UCLA's Olsen returns less than month after horrific injury
By ERIC OLSON
Apr. 09, 2018
In his five decades in baseball, UCLA coach John Savage had never seen an injury like the one pitcher Jon Olsen sustained when he was hit in the face by a line drive last month.
"He went down on the ground and you never know when you turn somebody around what you're going to see," Savage said. "There was massive blood coming from his face. It was a little beyond scary."
It was a little beyond amazing that Olsen was back on the mound less than a month after the March 11 incident. Wearing a protective facemask, he started against Stanford on Sunday and allowed a home run and single, struck out five and picked off a runner in three innings. UCLA won 7-2.
"I wasn't scared or anything. Didn't feel off," Olsen said Monday. "Even watching the line drive (on video), it doesn't bother me. It's weird. It happened, and you have to move on."
Olsen was hit on the right side of his face by a liner off the bat of Southern California's Lars Nootbaar in the first inning of the Dodger Stadium College Baseball Classic. The junior from Rancho Cucamonga, California, required titanium implants to repair a broken orbital bone. During the same surgery he had his nose re-set and other fractures repaired. He battled double vision for almost three weeks.
Olsen threw bullpen sessions and pitched in simulated games before his return against Stanford. Olsen also talked to the Arizona Diamondbacks' Archie Bradley about what it would be like to come back. Bradley was hit in the face by a line drive in 2015.
"He was saying you might have a flinch or be scared at first and it's something you have to work through," Olsen said. "I got lucky. When I was back out there yesterday, it felt completely normal."
Olsen said Nootbaar has checked on him via text messages, and Nootbaar's family sent chocolate-covered strawberries to his house after surgery.
"He reached out and he felt terrible," Olsen said. "I told him it's not his fault. He's playing baseball and he smoked one. That's baseball. So it's not anything I hold against him or anything like that. He's a good guy."
Savage said the plan is to work Olsen back into the starting rotation for the Pac-12-leading Bruins (19-9, 8-4). Olsen said he probably would wear his mask for another three games.
"I love this team and I love what we're trying to do here," Olsen said. "I'm just excited that I can get back out there and compete for them."
IN THE POLLS
Florida (28-6) remains the consensus No. 1 team in the major polls, having won nine straight before losing 6-4 to Tennessee on Sunday. North Carolina State (25-6), which won two of three at Louisville, is No. 2 by Baseball America and Collegiate Baseball newspaper — the Wolfpack's highest ranking ever. Stanford (23-5) is No. 2 by DIBaseball.com.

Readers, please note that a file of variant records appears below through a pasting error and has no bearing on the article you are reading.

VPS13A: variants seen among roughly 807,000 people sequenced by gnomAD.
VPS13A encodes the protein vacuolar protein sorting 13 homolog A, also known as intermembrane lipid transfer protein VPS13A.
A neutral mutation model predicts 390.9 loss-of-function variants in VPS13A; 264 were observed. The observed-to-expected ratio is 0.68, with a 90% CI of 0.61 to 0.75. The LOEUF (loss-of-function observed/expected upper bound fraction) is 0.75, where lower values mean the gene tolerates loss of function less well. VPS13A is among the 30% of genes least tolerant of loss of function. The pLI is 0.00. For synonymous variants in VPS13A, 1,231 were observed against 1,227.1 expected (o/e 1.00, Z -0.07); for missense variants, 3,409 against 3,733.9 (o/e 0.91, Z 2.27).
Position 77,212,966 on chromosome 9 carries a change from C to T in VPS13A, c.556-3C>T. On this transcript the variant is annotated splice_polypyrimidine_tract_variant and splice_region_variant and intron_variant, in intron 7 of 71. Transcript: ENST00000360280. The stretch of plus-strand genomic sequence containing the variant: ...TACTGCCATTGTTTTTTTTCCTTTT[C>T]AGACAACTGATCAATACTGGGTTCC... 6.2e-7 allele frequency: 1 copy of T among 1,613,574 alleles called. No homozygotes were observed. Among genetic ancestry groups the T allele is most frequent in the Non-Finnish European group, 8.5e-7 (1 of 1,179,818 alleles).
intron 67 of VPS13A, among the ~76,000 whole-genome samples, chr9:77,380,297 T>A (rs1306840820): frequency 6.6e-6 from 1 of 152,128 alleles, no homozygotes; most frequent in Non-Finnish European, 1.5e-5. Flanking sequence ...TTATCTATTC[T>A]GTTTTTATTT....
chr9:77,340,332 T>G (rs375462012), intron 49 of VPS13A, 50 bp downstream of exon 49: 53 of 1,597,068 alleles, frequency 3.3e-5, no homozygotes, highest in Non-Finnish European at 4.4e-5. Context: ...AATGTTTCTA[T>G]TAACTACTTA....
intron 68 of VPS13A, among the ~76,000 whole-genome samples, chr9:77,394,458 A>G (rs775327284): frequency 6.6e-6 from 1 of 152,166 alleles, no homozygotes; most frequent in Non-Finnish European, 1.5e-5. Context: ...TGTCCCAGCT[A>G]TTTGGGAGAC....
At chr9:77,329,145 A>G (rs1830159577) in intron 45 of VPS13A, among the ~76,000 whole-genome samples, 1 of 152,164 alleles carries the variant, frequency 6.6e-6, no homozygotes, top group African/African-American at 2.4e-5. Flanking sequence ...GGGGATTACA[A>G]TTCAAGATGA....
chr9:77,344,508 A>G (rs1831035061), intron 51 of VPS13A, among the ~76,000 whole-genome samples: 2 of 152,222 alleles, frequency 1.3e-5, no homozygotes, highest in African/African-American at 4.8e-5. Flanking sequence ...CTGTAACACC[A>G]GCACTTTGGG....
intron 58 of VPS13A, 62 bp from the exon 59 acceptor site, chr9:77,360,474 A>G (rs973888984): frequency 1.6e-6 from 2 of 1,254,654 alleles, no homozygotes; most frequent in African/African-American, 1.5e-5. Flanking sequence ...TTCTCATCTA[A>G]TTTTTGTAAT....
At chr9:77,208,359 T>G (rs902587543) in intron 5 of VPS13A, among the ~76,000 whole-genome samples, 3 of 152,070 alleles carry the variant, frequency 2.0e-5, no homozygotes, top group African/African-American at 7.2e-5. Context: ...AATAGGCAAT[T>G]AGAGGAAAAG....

Scotty Sunitsch pitched Washington State's first solo nine-inning no-hitter since 1976 in a 7-0 win at Oregon on Sunday. The senior left-hander struck out a career-high nine, walked two and hit two batters in the 95-pitch outing.
GET YOUR SIX
Western Michigan shortstop Connor Smith became the 10th player this season to collect six hits in a game. He singled in all six of his at-bats in a 10-4 win at Northern Illinois on Sunday.
THE LENGTHS WE GO
Bad weather in the Midwest forced Minnesota and Creighton to move their weekend home series to neutral sites.
Minnesota played Penn State at Purdue's stadium in West Lafayette, Indiana. That required both teams to ride buses for nine hours Thursday for a Friday afternoon series opener. The Gophers swept the three games. Moving Creighton's games against Butler from Omaha, Nebraska, was more of an adventure. It took Creighton coach Ed Servais until mid-afternoon Friday to secure the field at Southern Illinois-Edwardsville.
The Bluejays drove for 6 ½ hours, arriving at 1 a.m. Saturday for its "home" series that started just 13 hours later. Butler traveled 3 ½ hours from Indianapolis. The series was shortened from three games to two, and the teams split.
Big East teams have only 18 scheduled conference games — too few, in Servais' opinion, to determine a legitimate champion. The prospect of losing the three games didn't sit well with Servais and his players.
"We sacrificed three home games," Servais said, "and our guys went down there and played really solid baseball. They deserve a lot of credit."